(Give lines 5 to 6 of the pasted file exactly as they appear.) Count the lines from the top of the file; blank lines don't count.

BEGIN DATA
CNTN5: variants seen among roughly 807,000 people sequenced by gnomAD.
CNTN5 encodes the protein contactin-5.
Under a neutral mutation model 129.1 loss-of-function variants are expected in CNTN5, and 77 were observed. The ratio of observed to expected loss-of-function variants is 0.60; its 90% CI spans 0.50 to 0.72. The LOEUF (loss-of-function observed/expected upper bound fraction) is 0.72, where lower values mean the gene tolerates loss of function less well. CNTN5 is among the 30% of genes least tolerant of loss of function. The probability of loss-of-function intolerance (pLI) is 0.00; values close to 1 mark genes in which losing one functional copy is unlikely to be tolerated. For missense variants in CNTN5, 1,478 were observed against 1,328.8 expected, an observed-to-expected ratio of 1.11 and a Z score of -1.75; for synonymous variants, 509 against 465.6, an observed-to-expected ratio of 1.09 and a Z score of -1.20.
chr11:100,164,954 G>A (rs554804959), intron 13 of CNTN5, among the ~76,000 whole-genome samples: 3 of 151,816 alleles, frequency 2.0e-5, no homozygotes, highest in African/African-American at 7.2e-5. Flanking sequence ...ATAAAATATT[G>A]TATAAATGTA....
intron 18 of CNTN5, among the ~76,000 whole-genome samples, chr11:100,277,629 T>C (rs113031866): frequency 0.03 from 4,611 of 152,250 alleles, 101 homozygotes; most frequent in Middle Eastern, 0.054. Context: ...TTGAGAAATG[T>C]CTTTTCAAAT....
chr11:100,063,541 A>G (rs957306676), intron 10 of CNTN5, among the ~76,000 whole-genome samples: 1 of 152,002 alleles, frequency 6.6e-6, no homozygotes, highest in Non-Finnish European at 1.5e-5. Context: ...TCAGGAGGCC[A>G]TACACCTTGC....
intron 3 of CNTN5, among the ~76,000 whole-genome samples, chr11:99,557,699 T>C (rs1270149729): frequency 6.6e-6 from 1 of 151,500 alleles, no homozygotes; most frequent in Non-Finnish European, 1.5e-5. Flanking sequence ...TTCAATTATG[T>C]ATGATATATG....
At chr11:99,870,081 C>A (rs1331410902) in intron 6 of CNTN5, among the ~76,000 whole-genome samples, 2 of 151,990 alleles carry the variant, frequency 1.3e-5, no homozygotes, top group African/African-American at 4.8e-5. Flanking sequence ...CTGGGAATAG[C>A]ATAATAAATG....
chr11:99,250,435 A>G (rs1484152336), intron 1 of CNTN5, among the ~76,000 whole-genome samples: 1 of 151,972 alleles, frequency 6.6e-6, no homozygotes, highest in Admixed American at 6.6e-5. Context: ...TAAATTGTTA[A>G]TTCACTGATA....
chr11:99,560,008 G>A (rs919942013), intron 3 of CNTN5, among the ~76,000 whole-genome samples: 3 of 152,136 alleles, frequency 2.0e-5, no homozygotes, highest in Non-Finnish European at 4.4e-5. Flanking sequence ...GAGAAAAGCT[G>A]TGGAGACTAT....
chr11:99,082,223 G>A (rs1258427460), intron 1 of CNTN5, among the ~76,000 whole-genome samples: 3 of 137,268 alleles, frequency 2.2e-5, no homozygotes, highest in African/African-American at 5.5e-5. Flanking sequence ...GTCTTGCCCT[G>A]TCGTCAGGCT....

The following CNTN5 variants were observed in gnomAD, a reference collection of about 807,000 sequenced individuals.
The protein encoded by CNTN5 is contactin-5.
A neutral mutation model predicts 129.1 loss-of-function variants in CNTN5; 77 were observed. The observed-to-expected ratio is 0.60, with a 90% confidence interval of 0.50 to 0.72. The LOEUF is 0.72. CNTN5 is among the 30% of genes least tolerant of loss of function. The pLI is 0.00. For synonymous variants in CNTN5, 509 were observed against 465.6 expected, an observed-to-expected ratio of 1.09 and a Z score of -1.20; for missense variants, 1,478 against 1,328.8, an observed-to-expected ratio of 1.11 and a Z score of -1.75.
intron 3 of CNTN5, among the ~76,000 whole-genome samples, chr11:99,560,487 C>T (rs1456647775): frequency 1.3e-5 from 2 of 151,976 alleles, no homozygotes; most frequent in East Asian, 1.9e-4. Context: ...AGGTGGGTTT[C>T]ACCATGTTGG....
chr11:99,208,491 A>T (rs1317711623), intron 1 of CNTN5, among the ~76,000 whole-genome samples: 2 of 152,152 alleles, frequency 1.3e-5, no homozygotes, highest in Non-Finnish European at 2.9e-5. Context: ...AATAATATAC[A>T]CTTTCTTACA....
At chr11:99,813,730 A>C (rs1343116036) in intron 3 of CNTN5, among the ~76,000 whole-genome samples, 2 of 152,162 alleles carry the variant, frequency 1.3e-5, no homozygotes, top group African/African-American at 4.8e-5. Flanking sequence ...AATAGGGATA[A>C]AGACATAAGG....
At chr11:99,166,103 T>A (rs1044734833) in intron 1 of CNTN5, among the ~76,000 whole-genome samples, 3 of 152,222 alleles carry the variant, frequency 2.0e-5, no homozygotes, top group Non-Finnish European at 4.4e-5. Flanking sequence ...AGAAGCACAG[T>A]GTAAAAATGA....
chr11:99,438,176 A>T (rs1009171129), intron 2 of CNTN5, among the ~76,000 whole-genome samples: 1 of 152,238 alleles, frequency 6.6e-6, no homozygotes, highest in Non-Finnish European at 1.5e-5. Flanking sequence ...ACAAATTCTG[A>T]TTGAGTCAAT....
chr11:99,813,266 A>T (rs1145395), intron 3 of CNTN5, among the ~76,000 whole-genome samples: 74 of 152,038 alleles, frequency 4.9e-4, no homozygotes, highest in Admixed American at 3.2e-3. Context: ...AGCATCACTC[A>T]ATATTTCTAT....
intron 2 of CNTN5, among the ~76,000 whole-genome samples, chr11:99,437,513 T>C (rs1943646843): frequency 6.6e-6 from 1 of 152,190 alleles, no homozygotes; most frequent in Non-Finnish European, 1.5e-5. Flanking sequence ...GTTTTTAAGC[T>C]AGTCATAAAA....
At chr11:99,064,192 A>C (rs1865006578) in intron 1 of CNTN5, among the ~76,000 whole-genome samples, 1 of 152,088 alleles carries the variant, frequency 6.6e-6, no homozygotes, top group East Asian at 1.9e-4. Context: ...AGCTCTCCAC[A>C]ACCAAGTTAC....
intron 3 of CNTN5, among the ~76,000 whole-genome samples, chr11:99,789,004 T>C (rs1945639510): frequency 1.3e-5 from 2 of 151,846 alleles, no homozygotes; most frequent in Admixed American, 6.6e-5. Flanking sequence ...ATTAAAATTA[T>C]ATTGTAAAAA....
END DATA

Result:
intron 18 of CNTN5, among the ~76,000 whole-genome samples, chr11:100,277,629 T>C (rs113031866): frequency 0.03 from 4,611 of 152,250 alleles, 101 homozygotes; most frequent in Middle Eastern, 0.054. Context: ...TTGAGAAATG[T>C]CTTTTCAAAT....
chr11:100,063,541 A>G (rs957306676), intron 10 of CNTN5, among the ~76,000 whole-genome samples: 1 of 152,002 alleles, frequency 6.6e-6, no homozygotes, highest in Non-Finnish European at 1.5e-5. Context: ...TCAGGAGGCC[A>G]TACACCTTGC....